Low winter rainfall and high temperatures associated with a La Niña weather event are anticipated to drive drought-like conditions over spring, affecting rain-fed and irrigated agriculture/livestock, as well as availability of water for drinking, washing and sanitation. It is anticipated that 25 provinces, already with high levels of food insecurity and malnutrition, are likely to be most acutely affected. Simultaneously, spring is expected to see a volatile and unpredictable pattern of conflict with an anticipated escalation in fighting, in line with seasonal patterns of conflict each year. While flood risk will likely be reduced compared to normal years, flash flooding due to sporadic spring storms remains a risk.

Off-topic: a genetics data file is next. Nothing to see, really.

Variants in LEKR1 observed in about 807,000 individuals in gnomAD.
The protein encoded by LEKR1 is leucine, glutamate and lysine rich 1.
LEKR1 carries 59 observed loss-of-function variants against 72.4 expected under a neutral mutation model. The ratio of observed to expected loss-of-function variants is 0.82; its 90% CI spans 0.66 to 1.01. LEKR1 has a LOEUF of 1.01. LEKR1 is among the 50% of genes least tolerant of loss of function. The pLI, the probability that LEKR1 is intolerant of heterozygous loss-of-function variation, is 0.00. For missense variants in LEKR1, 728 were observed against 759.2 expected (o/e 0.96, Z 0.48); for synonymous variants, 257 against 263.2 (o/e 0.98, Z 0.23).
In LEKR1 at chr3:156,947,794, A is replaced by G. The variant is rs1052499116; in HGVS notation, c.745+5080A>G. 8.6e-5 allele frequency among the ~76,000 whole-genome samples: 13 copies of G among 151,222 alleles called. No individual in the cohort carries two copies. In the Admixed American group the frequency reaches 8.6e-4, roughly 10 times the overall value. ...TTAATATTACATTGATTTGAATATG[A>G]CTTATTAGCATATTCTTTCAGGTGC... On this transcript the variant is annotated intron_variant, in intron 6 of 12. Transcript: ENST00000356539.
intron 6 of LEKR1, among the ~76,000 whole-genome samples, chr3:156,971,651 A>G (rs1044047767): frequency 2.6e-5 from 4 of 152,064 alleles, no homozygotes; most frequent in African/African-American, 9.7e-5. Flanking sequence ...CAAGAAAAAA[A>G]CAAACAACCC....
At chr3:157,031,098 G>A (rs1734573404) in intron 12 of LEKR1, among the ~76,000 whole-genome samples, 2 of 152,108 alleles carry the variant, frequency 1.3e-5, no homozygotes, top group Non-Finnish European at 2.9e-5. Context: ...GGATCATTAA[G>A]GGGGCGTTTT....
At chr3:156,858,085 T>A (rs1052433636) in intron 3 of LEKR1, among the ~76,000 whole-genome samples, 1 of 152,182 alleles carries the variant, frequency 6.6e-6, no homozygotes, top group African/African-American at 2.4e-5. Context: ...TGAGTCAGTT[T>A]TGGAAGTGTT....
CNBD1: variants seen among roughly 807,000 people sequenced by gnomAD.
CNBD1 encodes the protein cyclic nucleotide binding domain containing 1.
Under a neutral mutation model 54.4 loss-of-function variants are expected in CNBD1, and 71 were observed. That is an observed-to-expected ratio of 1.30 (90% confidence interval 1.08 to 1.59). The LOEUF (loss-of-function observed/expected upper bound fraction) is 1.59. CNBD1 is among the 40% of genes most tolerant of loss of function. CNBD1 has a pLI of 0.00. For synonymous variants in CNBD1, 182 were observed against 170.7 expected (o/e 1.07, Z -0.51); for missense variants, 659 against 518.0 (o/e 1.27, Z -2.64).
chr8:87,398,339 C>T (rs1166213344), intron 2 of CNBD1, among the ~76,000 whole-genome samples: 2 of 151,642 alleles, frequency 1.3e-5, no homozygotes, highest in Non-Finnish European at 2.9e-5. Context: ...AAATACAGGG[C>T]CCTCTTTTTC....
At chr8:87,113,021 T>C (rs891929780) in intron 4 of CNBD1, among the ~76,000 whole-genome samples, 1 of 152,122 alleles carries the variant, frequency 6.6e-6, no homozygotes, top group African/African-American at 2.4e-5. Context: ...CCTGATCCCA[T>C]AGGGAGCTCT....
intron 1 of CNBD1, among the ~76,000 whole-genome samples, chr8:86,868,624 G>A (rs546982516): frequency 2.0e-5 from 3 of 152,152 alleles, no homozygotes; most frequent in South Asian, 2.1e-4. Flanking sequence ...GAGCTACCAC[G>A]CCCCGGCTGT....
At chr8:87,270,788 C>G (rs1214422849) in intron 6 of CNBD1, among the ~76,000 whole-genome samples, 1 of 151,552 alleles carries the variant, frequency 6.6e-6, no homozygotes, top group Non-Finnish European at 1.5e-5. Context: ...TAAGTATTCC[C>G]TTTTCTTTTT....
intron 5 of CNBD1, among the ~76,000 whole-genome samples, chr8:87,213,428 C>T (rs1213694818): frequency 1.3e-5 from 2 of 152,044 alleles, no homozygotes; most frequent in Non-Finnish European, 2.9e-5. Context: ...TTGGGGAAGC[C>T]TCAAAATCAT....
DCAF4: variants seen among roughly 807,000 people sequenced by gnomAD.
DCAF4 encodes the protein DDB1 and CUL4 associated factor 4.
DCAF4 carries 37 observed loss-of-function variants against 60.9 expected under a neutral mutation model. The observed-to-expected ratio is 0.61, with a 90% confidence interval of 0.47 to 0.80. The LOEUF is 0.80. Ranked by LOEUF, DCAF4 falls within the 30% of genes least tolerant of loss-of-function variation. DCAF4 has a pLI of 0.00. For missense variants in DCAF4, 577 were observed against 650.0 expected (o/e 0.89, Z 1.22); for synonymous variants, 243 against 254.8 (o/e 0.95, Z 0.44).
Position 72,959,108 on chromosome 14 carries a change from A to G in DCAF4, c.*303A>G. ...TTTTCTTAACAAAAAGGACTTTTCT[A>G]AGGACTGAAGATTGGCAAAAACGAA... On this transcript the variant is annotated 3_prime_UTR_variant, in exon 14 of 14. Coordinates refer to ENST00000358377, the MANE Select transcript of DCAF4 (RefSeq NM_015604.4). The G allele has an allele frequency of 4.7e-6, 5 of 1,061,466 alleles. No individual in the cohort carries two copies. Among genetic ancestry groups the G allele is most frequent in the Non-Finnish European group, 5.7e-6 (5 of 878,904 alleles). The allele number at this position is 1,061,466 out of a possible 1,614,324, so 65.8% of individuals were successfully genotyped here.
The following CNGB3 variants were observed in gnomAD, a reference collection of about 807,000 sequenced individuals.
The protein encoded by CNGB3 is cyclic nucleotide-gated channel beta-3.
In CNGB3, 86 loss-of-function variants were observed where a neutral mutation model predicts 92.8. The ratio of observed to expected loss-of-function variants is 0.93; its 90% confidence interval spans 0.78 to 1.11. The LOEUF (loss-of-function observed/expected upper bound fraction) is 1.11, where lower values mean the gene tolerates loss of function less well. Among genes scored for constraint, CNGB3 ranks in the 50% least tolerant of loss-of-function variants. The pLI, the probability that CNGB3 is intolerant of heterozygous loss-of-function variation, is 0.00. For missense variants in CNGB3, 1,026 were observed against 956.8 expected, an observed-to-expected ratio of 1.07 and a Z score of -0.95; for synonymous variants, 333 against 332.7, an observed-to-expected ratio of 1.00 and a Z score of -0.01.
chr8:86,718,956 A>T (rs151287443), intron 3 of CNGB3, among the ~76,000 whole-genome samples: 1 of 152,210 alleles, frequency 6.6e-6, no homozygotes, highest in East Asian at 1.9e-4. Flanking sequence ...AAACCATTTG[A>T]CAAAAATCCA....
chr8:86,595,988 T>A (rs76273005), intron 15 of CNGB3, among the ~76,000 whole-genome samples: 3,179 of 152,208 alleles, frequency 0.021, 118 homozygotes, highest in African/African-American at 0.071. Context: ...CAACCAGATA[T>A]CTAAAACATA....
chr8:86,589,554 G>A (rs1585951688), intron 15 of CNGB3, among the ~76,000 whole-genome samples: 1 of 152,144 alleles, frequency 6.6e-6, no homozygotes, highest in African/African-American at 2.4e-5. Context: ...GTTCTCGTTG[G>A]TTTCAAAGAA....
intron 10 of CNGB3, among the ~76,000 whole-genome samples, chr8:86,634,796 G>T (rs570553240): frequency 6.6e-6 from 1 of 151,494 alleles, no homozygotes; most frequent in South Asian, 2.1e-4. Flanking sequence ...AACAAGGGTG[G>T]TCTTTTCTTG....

The ICCT has, therefore, developed a Spring Disaster Contingency Plan based on the best available data, historical patterns and previous lessons learned to enable early funding and mitigate displacement, suffering and adoption of negative coping mechanisms associated with poverty such as child marriage, child labour and debt accumulation. Humanitarian partners anticipate some 13.2 million people to be in humanitarian need during the spring period across these 25 provinces, and have prioritised 7.4 million of those people to be reached with assistance, if funding is available.
All planning figures, activities and financial requirements outlined in this Contingency Plan are a sub-set of the 2021 Humanitarian Response Plan (HRP). Funding towards requirements identified in this plan should be channeled through HRP partners.